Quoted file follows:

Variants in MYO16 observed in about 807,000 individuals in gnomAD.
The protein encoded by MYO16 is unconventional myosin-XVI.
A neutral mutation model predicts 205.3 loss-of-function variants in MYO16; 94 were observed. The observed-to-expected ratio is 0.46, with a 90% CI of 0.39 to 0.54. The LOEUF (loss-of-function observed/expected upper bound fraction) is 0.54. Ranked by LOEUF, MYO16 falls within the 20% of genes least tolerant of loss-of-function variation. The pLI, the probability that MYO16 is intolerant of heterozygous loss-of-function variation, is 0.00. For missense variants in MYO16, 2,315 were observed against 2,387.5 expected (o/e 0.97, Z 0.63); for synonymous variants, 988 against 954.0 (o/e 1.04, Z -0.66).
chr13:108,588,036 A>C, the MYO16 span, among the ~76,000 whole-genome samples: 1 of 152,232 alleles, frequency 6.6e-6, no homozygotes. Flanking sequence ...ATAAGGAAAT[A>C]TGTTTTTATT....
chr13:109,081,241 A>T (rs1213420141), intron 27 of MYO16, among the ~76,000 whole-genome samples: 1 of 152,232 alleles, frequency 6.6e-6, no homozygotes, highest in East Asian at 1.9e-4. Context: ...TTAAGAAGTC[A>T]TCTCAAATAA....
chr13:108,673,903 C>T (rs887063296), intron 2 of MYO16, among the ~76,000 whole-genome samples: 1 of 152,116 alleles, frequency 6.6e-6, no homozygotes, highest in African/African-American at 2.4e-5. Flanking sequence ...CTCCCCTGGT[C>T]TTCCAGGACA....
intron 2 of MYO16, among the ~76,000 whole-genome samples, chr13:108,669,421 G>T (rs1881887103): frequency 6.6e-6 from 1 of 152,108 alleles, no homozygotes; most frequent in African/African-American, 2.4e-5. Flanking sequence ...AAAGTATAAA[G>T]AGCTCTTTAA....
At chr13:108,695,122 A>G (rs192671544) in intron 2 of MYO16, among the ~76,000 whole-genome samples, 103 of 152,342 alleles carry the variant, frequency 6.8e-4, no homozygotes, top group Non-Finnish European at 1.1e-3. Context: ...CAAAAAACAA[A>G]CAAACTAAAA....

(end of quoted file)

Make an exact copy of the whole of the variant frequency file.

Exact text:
Variants in MYO16 observed in about 807,000 individuals in gnomAD.
The protein encoded by MYO16 is unconventional myosin-XVI.
A neutral mutation model predicts 205.3 loss-of-function variants in MYO16; 94 were observed. The observed-to-expected ratio is 0.46, with a 90% CI of 0.39 to 0.54. The LOEUF (loss-of-function observed/expected upper bound fraction) is 0.54. Ranked by LOEUF, MYO16 falls within the 20% of genes least tolerant of loss-of-function variation. The pLI, the probability that MYO16 is intolerant of heterozygous loss-of-function variation, is 0.00. For missense variants in MYO16, 2,315 were observed against 2,387.5 expected (o/e 0.97, Z 0.63); for synonymous variants, 988 against 954.0 (o/e 1.04, Z -0.66).
chr13:108,588,036 A>C, the MYO16 span, among the ~76,000 whole-genome samples: 1 of 152,232 alleles, frequency 6.6e-6, no homozygotes. Flanking sequence ...ATAAGGAAAT[A>C]TGTTTTTATT....
chr13:109,081,241 A>T (rs1213420141), intron 27 of MYO16, among the ~76,000 whole-genome samples: 1 of 152,232 alleles, frequency 6.6e-6, no homozygotes, highest in East Asian at 1.9e-4. Context: ...TTAAGAAGTC[A>T]TCTCAAATAA....
chr13:108,673,903 C>T (rs887063296), intron 2 of MYO16, among the ~76,000 whole-genome samples: 1 of 152,116 alleles, frequency 6.6e-6, no homozygotes, highest in African/African-American at 2.4e-5. Flanking sequence ...CTCCCCTGGT[C>T]TTCCAGGACA....
intron 2 of MYO16, among the ~76,000 whole-genome samples, chr13:108,669,421 G>T (rs1881887103): frequency 6.6e-6 from 1 of 152,108 alleles, no homozygotes; most frequent in African/African-American, 2.4e-5. Flanking sequence ...AAAGTATAAA[G>T]AGCTCTTTAA....
At chr13:108,695,122 A>G (rs192671544) in intron 2 of MYO16, among the ~76,000 whole-genome samples, 103 of 152,342 alleles carry the variant, frequency 6.8e-4, no homozygotes, top group Non-Finnish European at 1.1e-3. Context: ...CAAAAAACAA[A>G]CAAACTAAAA....